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Three things: No. 8 Cincinnati 38, Indiana 24

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Micah McFadden’s ejection was a turning point and Michael Penix Jr.’s interceptions proved costly again

Syndication: The Enquirer Sam Greene/The Enquirer via Imagn Content Services, LLC

Indiana (1-2) positioned itself to potentially upset the No. 8 team in the country at home for the second season in a row but Cincinnati (3-0) picked off Indiana quarterback Michael Penix Jr. three times, forced a Hoosiers fumble on a goal-to-go rush and scored 28 points after halftime to win 38-24 in Bloomington.

Here are three things to know from the game.

Game shifts after Micah McFadden’s ejection

With Indiana leading 14-0 late in the second quarter and Cincinnati facing 3rd-and-10, Cincinnati quarterback Desmond Ridder threw an incompletion, which would’ve resulted in a punt back to the Hoosiers with just over four minutes left in the half, but the Bearcats’ drive continued after Indiana linebacker Micah McFadden was called for targeting, which resulted in his ejection and the continuation of Cincinnati’s possession.

The Bearcats ultimately scored their first points of the game on that drive as they marched downfield on a nine-play, 75-yard touchdown. Thomas Allen, Indiana coach Tom Allen’s son, replaced McFadden in the middle of the Hoosiers’ defense, which is a part of the field where the Bearcats repeatedly capitalized on their scoring drive.

Cincinnati was held scoreless in the 26 minutes or so that McFadden was in the game and the Bearcats scored 38 points with the leader of the Hoosiers’ defense gone.

While a case could’ve been made that McFadden was blocked into Ridder – a case that Tom Allen appeared to make to the officials – the silver lining is that he’ll be back for the first half of Indiana’s road game at Western Kentucky. Since he was ejected at the very end of the first half, his absence won’t prolong after Saturday.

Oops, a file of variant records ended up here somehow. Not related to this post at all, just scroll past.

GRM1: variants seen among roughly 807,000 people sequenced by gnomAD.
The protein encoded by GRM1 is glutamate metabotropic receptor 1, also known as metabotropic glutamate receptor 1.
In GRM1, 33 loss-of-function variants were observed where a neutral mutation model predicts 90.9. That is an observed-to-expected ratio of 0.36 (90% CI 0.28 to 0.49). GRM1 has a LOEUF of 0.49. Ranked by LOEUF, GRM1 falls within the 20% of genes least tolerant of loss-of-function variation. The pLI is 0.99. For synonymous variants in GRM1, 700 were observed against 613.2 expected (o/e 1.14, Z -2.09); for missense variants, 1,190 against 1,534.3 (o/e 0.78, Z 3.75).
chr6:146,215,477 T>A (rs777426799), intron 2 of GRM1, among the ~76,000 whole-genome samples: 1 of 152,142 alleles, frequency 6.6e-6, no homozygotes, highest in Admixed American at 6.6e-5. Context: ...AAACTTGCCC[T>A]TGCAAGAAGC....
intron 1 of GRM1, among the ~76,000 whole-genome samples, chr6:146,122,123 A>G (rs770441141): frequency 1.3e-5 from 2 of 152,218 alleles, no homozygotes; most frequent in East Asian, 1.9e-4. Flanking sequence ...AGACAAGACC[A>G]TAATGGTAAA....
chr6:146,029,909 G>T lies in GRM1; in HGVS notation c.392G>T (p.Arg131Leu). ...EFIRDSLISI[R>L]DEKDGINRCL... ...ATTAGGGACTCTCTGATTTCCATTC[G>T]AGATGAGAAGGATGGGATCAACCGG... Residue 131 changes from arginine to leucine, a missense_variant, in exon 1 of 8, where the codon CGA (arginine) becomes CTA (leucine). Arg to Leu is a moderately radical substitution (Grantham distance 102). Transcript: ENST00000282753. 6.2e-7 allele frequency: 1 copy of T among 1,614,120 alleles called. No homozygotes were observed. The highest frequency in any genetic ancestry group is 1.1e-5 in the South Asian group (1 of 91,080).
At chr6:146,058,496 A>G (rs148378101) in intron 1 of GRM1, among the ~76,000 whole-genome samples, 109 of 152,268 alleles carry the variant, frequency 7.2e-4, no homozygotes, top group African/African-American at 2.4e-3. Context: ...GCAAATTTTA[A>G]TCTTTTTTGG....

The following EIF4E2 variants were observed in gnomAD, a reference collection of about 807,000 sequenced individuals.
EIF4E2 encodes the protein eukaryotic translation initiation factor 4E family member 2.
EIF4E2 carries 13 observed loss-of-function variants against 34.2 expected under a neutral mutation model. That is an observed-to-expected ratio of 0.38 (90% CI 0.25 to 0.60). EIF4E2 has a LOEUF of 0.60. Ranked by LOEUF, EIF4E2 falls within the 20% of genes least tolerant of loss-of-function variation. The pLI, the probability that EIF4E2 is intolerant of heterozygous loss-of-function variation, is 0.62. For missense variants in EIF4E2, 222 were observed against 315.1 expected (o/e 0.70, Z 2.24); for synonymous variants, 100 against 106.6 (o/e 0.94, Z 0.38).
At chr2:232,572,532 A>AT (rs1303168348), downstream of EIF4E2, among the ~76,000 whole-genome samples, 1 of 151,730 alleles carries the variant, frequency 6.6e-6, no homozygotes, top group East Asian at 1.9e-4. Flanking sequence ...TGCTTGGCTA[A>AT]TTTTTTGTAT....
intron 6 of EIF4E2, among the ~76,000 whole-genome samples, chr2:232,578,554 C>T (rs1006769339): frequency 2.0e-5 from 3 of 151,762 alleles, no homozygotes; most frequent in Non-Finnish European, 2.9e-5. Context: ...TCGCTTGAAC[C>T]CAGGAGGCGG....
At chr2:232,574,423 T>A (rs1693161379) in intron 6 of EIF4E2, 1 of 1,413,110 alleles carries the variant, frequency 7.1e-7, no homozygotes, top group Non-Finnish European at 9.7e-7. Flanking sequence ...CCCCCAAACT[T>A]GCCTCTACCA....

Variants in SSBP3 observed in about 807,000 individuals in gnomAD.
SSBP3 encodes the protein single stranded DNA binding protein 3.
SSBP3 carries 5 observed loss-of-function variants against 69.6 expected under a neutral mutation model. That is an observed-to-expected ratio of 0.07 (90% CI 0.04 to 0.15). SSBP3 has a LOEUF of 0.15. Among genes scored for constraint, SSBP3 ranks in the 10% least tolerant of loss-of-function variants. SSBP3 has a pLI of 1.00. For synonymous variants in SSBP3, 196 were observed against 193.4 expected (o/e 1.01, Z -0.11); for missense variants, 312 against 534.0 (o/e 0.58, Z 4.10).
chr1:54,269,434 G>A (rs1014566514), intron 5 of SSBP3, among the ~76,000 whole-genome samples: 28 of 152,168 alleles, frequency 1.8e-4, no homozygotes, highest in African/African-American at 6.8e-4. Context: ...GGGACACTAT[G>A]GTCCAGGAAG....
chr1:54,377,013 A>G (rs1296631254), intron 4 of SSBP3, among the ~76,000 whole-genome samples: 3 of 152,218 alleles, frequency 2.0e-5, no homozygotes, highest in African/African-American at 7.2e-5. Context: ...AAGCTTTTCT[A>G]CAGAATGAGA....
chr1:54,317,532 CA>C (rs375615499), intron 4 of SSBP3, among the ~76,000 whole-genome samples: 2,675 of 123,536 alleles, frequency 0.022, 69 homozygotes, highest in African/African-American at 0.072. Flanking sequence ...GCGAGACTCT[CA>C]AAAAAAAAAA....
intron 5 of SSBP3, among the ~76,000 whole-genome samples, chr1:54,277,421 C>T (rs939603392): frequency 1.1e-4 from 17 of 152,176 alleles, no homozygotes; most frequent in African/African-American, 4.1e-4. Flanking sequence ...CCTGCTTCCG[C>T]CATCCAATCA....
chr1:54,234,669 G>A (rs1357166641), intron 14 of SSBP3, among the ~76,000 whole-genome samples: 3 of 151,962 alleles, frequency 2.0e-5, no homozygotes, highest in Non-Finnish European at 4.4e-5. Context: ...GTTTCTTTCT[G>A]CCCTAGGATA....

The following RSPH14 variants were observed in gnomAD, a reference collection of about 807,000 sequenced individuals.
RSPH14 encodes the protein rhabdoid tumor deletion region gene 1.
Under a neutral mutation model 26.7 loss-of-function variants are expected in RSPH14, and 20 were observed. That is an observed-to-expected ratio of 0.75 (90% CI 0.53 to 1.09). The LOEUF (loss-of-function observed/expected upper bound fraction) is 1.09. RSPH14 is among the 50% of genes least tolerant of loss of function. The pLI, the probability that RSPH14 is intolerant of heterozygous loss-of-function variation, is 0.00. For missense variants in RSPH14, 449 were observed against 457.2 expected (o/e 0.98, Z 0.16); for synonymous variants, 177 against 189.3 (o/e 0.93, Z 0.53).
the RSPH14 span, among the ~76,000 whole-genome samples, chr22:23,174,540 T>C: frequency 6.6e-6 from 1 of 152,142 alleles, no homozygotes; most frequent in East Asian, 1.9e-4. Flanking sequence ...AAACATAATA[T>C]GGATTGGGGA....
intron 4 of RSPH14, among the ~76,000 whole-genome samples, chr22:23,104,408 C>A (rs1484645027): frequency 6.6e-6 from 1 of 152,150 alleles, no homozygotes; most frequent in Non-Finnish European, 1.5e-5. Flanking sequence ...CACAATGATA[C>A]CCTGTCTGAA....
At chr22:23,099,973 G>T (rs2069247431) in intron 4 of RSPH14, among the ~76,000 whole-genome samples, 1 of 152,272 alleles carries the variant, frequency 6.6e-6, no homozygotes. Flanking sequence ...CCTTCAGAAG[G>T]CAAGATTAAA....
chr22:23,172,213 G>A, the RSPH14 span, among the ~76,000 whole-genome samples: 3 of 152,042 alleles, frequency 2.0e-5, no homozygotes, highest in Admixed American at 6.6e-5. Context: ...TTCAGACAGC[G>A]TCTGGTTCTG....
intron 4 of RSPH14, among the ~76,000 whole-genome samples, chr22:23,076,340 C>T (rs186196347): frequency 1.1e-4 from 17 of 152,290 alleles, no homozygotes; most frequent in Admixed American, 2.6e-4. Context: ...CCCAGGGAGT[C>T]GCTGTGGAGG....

Penix throws costly interceptions (again)

Penix threw three interceptions against Cincinnati, including one in the end zone on 3rd-and-5 at Cincinnati’s 20-yard line. ESPN’s Tom Luginbill noted after the interception that Penix barely looked at where he was throwing, if he looked there at all.

The Hoosiers’ defense ultimately saved the day after that aforementioned pick as they forced a turnover on the Bearcats’ next possession – read: a Ryder Anderson forced fumble, which was (reforced) and ultimately recovered by McFadden – and Penix’s latter two interceptions were especially costly.

With 26 seconds left in the first half and Indiana leading 14-7 – and after a completion to Ty Fryfogle that put the ball near midfield – Penix was pressured and rather than taking the sack, he forced a throw that was intercepted by Cincinnati’s Arquon Bush. Cincinnati’s next play was a 28-yard completion and the Bearcats stole a 32-yard field goal to cut the deficit to 14-10 going into halftime.

Penix’s third and final interception of the day came with Indiana trailing 30-24 as he forced a throw across his body and across the field on 3rd-and-16, which was picked off by Cincinnati’s Deshawn Pace and returned to Indiana’s 6-yard line.

Penix’s latter two interceptions were especially damaging as they led to 14 Cincinnati points and they were throws that should’ve instead resulted in sacks or throwaways, but they were instead forced into crowded areas of the field without a clear target.

Throw in Tim Baldwin Jr.’s fumble on Cincinnati’s goal line as Indiana trailed by six and the Hoosiers repeatedly made costly, if not preventable, turnovers.

Penix finished the game 17-for-40 passing for 210 yards, one touchdown and one interception. While his receivers didn’t necessarily do him a lot of favors – Ty Fryfogle had at least three drops – Penix’s interceptions were costly and had the ESPN broadcast crew wondering if Indiana would, or should, replace him with backup Jack Tuttle on Saturday or in the future.

D.J. Matthews Jr. deserves more touches

Matthews was Indiana’s most productive receiver, hauling in five catches for 120 yards, along with two 14-yard carries, including one for a touchdown on a nifty reverse. As Fryfogle has faced issues with drops and being the clear No. 1 target for opposing defenses to take away, Matthews has offered both the receptions in the slot that Whop Philyor warranted in years past, while also being a big-play threat, like Fryfogle so often was last season.

In a crowded wide receiver room, Miles Marshall (one catch for 11 yards) hasn’t had the breakout season that he appeared poised to assume and Texas A&M transfer Camron Buckley didn’t record a single catch Saturday despite being targeted throughout the game.

Indiana needs to find more ways to get Matthews more touches – in the run game, on special teams, whatever – because his per-touch productivity is often electric, which is something many of his fellow offensive players can’t say.